In implementing the FRC’s Strategic Direction, the AUASB has undertaken a process of revision and redrafting of the Australian Auditing Standards that has:

·                     updated the form, layout and content of the Australian Auditing Standards;

·                     addressed the legal enforceability of mandatory obligations;

·                     maintained clarity of the auditor’s obligations;

·                     incorporated appropriate references to Australian laws and regulations;

·                     clearly identified, by use of the prefix “Aus”, AUASB additions to paragraphs in the requirements or the application and other explanatory material; and

·                     included other amendments as necessary.

Consultation Process prior to issuing the Auditing Standard

The AUASB has consulted publicly as part of its due process in developing the Auditing Standard.  Exposure Draft ED 09/09 Proposed Auditing Standard: Quality Control for Firms that Perform Audits and Reviews of Financial Reports and Other Financial Information, and Other Assurance Engagements, was issued on 14 April 2009 with a 30 day comment period.

As an integral part of its consultation with the public, the AUASB sought comments on specific questions including:

·                     the completeness and accuracy of references in the Auditing Standard to relevant laws and regulations;

·                     the significant costs, if any, and benefits, of compliance with any requirements under the Auditing Standard; and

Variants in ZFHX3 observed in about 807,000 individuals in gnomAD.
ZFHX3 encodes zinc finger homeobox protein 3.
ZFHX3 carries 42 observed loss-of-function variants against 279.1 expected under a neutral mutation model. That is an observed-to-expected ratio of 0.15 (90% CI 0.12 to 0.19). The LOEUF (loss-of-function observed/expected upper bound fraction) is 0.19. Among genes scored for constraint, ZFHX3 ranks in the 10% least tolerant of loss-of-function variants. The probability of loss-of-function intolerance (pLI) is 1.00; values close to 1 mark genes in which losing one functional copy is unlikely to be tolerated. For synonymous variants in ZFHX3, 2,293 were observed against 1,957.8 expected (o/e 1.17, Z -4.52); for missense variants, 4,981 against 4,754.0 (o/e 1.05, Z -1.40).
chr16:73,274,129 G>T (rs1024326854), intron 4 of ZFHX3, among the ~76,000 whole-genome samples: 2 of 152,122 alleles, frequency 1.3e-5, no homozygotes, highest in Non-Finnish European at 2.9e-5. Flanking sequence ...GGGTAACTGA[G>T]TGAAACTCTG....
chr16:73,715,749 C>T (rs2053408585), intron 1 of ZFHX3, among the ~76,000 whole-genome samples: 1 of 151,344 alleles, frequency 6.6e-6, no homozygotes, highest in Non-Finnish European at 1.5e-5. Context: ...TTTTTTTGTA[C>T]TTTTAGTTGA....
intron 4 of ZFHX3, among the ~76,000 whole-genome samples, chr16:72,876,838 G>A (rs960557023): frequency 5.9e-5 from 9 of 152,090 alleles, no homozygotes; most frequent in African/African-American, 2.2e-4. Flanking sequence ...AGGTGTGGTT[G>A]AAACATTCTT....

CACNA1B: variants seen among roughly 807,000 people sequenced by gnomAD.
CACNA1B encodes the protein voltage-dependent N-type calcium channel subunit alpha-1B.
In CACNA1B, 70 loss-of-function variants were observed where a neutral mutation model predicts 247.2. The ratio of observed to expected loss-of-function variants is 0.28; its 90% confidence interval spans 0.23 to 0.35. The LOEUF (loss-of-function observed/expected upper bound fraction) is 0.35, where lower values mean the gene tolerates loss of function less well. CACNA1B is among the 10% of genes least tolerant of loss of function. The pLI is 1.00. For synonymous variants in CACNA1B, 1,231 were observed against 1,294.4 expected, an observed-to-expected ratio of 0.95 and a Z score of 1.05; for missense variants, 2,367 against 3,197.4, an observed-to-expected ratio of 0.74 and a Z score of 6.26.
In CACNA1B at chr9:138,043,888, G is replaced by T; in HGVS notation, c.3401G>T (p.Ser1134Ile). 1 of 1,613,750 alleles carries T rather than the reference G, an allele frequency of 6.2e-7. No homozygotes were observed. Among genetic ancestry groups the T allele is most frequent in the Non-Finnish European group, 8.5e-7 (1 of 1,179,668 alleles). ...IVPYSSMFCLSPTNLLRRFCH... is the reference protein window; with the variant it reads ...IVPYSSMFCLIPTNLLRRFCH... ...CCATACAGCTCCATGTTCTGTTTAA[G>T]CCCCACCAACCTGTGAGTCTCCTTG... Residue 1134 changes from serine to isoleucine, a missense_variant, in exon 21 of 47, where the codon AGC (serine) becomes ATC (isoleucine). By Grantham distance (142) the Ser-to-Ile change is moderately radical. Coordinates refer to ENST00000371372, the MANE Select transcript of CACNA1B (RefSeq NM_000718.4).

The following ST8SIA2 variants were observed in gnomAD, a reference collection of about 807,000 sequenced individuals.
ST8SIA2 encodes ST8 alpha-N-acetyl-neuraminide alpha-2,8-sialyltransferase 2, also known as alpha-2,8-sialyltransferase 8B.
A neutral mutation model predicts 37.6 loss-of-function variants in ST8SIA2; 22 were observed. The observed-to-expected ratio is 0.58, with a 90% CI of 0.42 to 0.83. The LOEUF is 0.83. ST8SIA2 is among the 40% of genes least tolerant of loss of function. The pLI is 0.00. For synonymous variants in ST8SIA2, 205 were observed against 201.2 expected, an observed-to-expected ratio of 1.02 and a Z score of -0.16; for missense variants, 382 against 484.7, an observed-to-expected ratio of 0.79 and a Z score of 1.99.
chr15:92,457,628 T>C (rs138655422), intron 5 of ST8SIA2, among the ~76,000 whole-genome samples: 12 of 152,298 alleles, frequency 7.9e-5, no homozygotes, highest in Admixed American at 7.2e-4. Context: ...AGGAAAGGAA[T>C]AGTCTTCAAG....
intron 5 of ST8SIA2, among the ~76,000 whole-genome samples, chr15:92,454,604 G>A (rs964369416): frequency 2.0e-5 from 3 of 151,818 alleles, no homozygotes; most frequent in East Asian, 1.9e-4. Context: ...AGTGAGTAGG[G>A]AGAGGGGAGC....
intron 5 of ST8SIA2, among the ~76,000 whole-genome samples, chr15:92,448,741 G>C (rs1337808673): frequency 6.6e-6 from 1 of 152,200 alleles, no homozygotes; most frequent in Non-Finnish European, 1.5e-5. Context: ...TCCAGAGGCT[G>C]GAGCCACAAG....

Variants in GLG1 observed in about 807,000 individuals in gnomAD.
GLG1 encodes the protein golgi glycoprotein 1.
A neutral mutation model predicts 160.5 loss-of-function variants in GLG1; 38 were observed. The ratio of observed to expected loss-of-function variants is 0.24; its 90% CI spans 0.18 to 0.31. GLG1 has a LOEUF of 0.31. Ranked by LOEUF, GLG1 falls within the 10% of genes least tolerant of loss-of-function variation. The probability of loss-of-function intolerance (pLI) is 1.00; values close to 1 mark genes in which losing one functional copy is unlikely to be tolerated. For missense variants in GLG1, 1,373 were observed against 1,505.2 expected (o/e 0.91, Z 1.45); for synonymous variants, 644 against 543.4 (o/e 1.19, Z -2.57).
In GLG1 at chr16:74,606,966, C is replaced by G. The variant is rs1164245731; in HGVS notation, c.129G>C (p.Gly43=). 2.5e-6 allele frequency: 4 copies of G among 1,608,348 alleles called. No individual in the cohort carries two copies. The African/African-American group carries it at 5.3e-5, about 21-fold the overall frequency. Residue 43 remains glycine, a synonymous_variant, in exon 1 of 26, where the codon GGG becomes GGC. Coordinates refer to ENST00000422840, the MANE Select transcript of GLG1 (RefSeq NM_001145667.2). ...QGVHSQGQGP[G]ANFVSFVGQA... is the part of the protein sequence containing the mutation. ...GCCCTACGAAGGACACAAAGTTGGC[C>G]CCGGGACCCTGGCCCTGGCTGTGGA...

·                     whether or not there exist any matters of public interest affecting the issuance of the Auditing Standard.

Submissions were received by the AUASB and these were considered as part of the development and finalisation of the Auditing Standard.

Regulation Impact Statement

A Regulation Impact Statement (RIS) has been prepared in connection with the redrafting of Australian Auditing Standards in “clarity” format, including ASQC 1 Quality Control for Firms that Perform Audits and Reviews of Financial Reports and Other Financial Information, and Other Assurance Engagements.

The RIS has considered both the expected benefits and expected costs of the introduction of clarified auditing standards, including comments provided by stakeholders during the redrafting process.  It concluded that expected benefits to users of audit services, users of audit reports, auditors and the Australian economy in general are, on balance, likely to outweigh expected costs.